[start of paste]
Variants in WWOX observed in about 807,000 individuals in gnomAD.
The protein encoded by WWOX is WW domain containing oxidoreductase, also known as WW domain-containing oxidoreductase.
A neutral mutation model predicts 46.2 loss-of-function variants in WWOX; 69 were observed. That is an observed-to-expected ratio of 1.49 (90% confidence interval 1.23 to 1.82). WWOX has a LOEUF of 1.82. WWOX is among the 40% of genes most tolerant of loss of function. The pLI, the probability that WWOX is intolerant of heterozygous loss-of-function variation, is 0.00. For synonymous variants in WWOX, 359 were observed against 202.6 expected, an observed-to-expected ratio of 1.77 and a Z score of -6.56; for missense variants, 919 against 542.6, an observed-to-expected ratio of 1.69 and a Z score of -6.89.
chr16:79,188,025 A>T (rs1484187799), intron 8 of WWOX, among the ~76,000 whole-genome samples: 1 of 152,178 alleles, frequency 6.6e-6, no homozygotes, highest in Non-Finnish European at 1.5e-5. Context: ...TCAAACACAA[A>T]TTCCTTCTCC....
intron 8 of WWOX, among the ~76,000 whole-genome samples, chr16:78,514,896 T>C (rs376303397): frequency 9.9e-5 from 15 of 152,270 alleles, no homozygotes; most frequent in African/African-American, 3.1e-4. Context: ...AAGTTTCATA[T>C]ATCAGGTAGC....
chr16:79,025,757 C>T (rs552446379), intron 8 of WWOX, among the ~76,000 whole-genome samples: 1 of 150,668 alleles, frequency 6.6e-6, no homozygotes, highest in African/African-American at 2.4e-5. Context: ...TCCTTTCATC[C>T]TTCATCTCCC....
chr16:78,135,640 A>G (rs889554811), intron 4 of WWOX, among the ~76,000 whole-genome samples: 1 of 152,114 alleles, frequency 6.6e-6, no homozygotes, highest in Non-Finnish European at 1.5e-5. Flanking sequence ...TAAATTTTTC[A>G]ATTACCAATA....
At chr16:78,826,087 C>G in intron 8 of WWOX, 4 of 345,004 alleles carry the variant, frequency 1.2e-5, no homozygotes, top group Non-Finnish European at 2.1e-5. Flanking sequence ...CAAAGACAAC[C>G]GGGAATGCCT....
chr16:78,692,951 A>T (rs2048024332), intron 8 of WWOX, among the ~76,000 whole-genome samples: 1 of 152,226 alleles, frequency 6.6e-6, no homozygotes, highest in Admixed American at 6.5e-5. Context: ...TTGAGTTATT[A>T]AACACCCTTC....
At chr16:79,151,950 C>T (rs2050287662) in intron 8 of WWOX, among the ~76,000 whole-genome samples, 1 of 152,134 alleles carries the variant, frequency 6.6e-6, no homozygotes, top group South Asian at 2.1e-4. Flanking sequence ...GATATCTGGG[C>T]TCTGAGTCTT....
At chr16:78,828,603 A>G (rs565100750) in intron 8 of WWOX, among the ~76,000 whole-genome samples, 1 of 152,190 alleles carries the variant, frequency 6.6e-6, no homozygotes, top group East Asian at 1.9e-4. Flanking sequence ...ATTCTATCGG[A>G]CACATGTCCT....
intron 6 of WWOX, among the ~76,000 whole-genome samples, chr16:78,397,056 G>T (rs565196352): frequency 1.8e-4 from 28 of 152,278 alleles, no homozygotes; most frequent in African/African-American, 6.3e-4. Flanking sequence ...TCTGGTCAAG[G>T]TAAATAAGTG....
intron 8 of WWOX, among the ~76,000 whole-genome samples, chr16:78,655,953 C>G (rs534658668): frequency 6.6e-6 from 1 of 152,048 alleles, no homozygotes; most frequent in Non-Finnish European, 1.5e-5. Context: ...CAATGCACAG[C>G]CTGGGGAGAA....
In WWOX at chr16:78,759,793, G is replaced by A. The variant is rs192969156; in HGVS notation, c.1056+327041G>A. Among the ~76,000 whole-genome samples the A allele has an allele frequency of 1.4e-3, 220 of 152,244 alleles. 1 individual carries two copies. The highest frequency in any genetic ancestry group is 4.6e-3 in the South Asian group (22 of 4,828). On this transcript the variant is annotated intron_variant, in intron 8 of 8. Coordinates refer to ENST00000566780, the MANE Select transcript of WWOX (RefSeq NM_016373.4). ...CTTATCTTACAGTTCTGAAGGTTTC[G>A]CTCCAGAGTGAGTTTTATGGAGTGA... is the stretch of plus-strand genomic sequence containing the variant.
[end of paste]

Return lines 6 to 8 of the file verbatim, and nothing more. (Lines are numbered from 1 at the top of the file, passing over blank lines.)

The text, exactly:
chr16:79,025,757 C>T (rs552446379), intron 8 of WWOX, among the ~76,000 whole-genome samples: 1 of 150,668 alleles, frequency 6.6e-6, no homozygotes, highest in African/African-American at 2.4e-5. Context: ...TCCTTTCATC[C>T]TTCATCTCCC....
chr16:78,135,640 A>G (rs889554811), intron 4 of WWOX, among the ~76,000 whole-genome samples: 1 of 152,114 alleles, frequency 6.6e-6, no homozygotes, highest in Non-Finnish European at 1.5e-5. Flanking sequence ...TAAATTTTTC[A>G]ATTACCAATA....
At chr16:78,826,087 C>G in intron 8 of WWOX, 4 of 345,004 alleles carry the variant, frequency 1.2e-5, no homozygotes, top group Non-Finnish European at 2.1e-5. Flanking sequence ...CAAAGACAAC[C>G]GGGAATGCCT....